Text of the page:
The influence of multi-morbidity and self-reported socio-economic standing on the prevalence of depression in an elderly Hong Kong population

S.Y.S. Wong, S.W. Mercer, J. Woo, J. Leung

Research output: Contribution to journalArticlepeer-review

Abstract

lt;bgt;Backgroundlt;/bgt; There has been an increasing prevalence of both depression and chronic medical conditions globally but the relationship between depression and multi-morbidity is not well understood. The aim of the present study was to investigate the relationship between depression, multi-morbidity (number of chronic medical conditions, and measures of socioeconomic standing (SES) in an elderly Hong Kong population.lt;pgt;lt;/pgt; lt;bgt;Methodslt;/bgt; Cross sectional study. Information on clinically relevant depressive symptoms, measured by the Geriatric Depression Scale (GDS), and demographic and chronic medical conditions were collected using standardized questionnaires. Information collected on SES included educational status (ES), maximum ever income (MEI), and self-perceived social standing in local community (SES-COM) and in Hong Kong generally (SES-HK). Analysis was conducted using multiple logistic regression.lt;pgt;lt;/pgt; lt;bgt;Resultslt;/bgt; Depression rates were similar in men and women (GDS caseness 8.1% vs 8.4. Multi-morbidity of chronic medical conditions was common (40% of men and 46% of women had three or more). In the overall sample, the prevalence of depression was associated with the number of chronic medical conditions (OR 1.27; CI: 1.16?1.39). In addition, SES-HK and SES-COM were significant independent variables.lt;pgt;lt;/pgt; lt;bgt;Conclusionlt;/bgt; In this elderly Hong Kong population, depression prevalence rose markedly with number of chronic medical conditions and SES-HK and SES-COM.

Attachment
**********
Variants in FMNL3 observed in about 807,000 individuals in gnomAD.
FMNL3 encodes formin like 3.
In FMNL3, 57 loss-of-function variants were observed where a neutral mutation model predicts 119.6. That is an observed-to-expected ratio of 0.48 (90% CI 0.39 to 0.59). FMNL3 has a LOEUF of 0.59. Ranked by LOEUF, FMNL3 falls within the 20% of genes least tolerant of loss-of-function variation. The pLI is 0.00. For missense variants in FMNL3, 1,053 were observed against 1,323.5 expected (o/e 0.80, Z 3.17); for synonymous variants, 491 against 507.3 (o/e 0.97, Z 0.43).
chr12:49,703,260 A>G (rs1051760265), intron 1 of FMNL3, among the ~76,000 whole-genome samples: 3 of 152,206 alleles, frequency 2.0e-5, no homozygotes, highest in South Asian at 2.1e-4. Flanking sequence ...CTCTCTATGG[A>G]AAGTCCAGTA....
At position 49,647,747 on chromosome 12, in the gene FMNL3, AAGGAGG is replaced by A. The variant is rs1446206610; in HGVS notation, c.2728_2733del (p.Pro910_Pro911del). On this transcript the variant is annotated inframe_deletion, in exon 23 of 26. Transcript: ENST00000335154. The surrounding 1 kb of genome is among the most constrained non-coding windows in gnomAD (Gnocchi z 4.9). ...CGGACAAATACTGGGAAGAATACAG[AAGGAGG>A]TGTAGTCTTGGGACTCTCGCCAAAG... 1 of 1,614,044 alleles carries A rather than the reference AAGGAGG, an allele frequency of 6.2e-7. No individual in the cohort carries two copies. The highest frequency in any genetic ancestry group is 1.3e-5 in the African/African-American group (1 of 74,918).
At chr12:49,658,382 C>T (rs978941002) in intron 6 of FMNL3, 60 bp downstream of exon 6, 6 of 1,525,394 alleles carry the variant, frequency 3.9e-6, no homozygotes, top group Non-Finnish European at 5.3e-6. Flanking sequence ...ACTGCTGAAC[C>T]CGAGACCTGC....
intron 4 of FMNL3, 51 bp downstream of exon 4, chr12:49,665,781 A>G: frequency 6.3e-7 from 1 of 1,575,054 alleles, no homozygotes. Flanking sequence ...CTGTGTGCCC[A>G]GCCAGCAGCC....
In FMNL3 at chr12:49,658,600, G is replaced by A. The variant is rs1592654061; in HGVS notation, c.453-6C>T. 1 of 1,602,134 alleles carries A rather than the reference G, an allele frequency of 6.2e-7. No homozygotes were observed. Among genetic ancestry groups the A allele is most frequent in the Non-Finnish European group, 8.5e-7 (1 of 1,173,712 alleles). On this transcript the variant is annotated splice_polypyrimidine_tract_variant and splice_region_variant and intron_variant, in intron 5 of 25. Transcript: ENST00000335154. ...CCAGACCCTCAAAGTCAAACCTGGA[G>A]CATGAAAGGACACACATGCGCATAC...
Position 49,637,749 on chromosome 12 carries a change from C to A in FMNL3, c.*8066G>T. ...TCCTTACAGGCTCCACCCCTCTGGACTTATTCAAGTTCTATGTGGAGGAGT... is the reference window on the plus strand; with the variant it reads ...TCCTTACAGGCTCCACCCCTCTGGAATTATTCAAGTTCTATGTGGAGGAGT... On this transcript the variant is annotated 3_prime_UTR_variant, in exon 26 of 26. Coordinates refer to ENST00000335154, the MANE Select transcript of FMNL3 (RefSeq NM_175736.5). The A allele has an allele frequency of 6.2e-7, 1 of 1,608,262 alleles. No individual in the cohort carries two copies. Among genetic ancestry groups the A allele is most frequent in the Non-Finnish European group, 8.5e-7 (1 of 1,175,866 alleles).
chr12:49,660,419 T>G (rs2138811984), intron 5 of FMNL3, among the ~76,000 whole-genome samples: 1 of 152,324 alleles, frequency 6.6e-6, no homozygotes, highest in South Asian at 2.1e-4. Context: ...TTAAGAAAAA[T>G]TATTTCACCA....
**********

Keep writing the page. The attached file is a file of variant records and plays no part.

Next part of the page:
Original languageEnglish
Pages (from-to)119
Number of pages1
JournalBMC Public Health
Volume8
DOIs
Publication statusPublished - 14 Apr 2008

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